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Assumptions Matter: Model Uncertainty and the Deterrent Effect of Capital Punishment


  • Steven N. Durlauf
  • Chao Fu
  • Salvador Navarro


This paper examines how estimates of the deterrent effect of capital punishment depend on alternate choices of assumptions concerning the homicide process. Specific models of the homicide process represent bundles of these assumptions, which involve the unobserved heterogeneity, the relevant penalty probabilities for homicide choices, possible cross-polity parameter variation, and exchangeability between polity-time pairs that do and do not experience positive numbers of murders. We demonstrate how various assumptions have driven the conflicting findings from studies on capital punishment, and isolate a particular set of assumptions that are required to find a positive deterrent effect.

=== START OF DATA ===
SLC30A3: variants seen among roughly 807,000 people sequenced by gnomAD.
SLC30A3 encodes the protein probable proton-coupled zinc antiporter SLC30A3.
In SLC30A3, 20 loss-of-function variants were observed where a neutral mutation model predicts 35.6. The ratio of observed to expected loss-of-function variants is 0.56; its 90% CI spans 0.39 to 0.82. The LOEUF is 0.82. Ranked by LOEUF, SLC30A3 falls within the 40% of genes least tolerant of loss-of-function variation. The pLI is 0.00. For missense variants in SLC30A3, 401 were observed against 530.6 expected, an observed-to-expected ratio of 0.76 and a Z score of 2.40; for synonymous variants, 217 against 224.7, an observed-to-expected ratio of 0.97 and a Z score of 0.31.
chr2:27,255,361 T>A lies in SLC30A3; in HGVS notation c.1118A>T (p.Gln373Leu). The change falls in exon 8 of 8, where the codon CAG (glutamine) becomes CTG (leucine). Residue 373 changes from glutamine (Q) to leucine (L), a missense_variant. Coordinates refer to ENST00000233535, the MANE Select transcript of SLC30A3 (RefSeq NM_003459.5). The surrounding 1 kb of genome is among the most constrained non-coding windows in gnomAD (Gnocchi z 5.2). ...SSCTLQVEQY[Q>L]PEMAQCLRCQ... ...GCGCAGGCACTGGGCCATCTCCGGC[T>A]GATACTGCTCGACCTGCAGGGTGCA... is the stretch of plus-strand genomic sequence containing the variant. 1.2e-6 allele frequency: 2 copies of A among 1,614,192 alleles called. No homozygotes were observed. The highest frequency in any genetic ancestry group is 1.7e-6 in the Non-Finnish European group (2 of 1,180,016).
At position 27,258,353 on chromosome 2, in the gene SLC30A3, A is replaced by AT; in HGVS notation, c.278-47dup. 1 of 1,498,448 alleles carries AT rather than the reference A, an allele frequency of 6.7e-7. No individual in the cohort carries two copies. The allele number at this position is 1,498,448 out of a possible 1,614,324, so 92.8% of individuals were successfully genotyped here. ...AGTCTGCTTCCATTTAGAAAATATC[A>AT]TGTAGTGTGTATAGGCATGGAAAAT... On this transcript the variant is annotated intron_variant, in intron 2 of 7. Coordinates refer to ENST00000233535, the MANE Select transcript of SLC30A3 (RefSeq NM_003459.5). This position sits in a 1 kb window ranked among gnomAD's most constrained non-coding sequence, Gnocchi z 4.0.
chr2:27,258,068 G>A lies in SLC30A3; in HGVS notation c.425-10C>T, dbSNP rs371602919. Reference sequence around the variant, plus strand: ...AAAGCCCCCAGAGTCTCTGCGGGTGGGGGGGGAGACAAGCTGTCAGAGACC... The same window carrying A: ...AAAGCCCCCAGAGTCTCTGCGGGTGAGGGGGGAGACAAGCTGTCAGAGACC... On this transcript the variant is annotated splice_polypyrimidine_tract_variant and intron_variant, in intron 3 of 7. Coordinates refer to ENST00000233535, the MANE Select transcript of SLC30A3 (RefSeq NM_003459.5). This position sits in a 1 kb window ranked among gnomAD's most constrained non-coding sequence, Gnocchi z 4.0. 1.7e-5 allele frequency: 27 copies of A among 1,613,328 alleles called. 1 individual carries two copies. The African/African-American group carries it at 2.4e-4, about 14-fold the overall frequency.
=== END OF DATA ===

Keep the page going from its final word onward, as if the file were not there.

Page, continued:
Suggested Citation

  • Steven N. Durlauf & Chao Fu & Salvador Navarro, 2012. "Assumptions Matter: Model Uncertainty and the Deterrent Effect of Capital Punishment," American Economic Review, American Economic Association, vol. 102(3), pages 487-492, May.
  • Handle: RePEc:aea:aecrev:v:102:y:2012:i:3:p:487-92

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    Cited by:

    1. Rockey, James & Temple, Jonathan, 2016. "Growth econometrics for agnostics and true believers," European Economic Review, Elsevier, vol. 81(C), pages 86-102.

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